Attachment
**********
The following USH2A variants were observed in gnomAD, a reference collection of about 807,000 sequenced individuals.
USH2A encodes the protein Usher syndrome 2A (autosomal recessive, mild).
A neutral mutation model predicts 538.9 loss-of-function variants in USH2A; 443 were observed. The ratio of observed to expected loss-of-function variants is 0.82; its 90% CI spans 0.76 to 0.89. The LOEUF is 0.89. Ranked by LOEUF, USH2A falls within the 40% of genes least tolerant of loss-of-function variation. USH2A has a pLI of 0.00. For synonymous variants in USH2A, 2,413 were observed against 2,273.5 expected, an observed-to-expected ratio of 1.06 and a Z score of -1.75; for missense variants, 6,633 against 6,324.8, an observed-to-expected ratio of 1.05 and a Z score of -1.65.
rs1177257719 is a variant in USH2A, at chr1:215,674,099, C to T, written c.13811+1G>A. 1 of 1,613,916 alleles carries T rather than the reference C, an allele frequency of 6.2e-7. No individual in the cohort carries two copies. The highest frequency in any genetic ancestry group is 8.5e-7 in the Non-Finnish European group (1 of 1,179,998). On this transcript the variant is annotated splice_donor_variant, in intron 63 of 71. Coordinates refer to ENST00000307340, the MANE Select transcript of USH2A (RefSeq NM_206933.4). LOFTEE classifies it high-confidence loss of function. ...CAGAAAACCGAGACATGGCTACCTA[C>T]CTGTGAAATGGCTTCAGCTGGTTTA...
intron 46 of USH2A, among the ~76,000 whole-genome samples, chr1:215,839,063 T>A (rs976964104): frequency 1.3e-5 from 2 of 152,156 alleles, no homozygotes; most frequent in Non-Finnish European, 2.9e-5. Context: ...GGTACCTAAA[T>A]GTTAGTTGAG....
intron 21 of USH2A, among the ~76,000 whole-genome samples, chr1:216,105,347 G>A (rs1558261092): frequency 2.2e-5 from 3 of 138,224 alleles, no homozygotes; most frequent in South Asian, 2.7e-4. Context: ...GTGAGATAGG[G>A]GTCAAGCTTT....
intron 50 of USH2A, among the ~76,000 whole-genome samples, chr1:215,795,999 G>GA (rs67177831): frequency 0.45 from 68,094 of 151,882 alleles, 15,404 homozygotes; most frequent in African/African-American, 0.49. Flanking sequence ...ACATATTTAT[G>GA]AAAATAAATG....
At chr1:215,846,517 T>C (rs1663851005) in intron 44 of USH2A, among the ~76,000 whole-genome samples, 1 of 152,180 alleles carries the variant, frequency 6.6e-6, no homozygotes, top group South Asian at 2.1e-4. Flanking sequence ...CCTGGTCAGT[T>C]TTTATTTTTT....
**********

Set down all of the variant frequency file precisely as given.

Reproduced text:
The following USH2A variants were observed in gnomAD, a reference collection of about 807,000 sequenced individuals.
USH2A encodes the protein Usher syndrome 2A (autosomal recessive, mild).
A neutral mutation model predicts 538.9 loss-of-function variants in USH2A; 443 were observed. The ratio of observed to expected loss-of-function variants is 0.82; its 90% CI spans 0.76 to 0.89. The LOEUF is 0.89. Ranked by LOEUF, USH2A falls within the 40% of genes least tolerant of loss-of-function variation. USH2A has a pLI of 0.00. For synonymous variants in USH2A, 2,413 were observed against 2,273.5 expected, an observed-to-expected ratio of 1.06 and a Z score of -1.75; for missense variants, 6,633 against 6,324.8, an observed-to-expected ratio of 1.05 and a Z score of -1.65.
rs1177257719 is a variant in USH2A, at chr1:215,674,099, C to T, written c.13811+1G>A. 1 of 1,613,916 alleles carries T rather than the reference C, an allele frequency of 6.2e-7. No individual in the cohort carries two copies. The highest frequency in any genetic ancestry group is 8.5e-7 in the Non-Finnish European group (1 of 1,179,998). On this transcript the variant is annotated splice_donor_variant, in intron 63 of 71. Coordinates refer to ENST00000307340, the MANE Select transcript of USH2A (RefSeq NM_206933.4). LOFTEE classifies it high-confidence loss of function. ...CAGAAAACCGAGACATGGCTACCTA[C>T]CTGTGAAATGGCTTCAGCTGGTTTA...
intron 46 of USH2A, among the ~76,000 whole-genome samples, chr1:215,839,063 T>A (rs976964104): frequency 1.3e-5 from 2 of 152,156 alleles, no homozygotes; most frequent in Non-Finnish European, 2.9e-5. Context: ...GGTACCTAAA[T>A]GTTAGTTGAG....
intron 21 of USH2A, among the ~76,000 whole-genome samples, chr1:216,105,347 G>A (rs1558261092): frequency 2.2e-5 from 3 of 138,224 alleles, no homozygotes; most frequent in South Asian, 2.7e-4. Context: ...GTGAGATAGG[G>A]GTCAAGCTTT....
intron 50 of USH2A, among the ~76,000 whole-genome samples, chr1:215,795,999 G>GA (rs67177831): frequency 0.45 from 68,094 of 151,882 alleles, 15,404 homozygotes; most frequent in African/African-American, 0.49. Flanking sequence ...ACATATTTAT[G>GA]AAAATAAATG....
At chr1:215,846,517 T>C (rs1663851005) in intron 44 of USH2A, among the ~76,000 whole-genome samples, 1 of 152,180 alleles carries the variant, frequency 6.6e-6, no homozygotes, top group South Asian at 2.1e-4. Flanking sequence ...CCTGGTCAGT[T>C]TTTATTTTTT....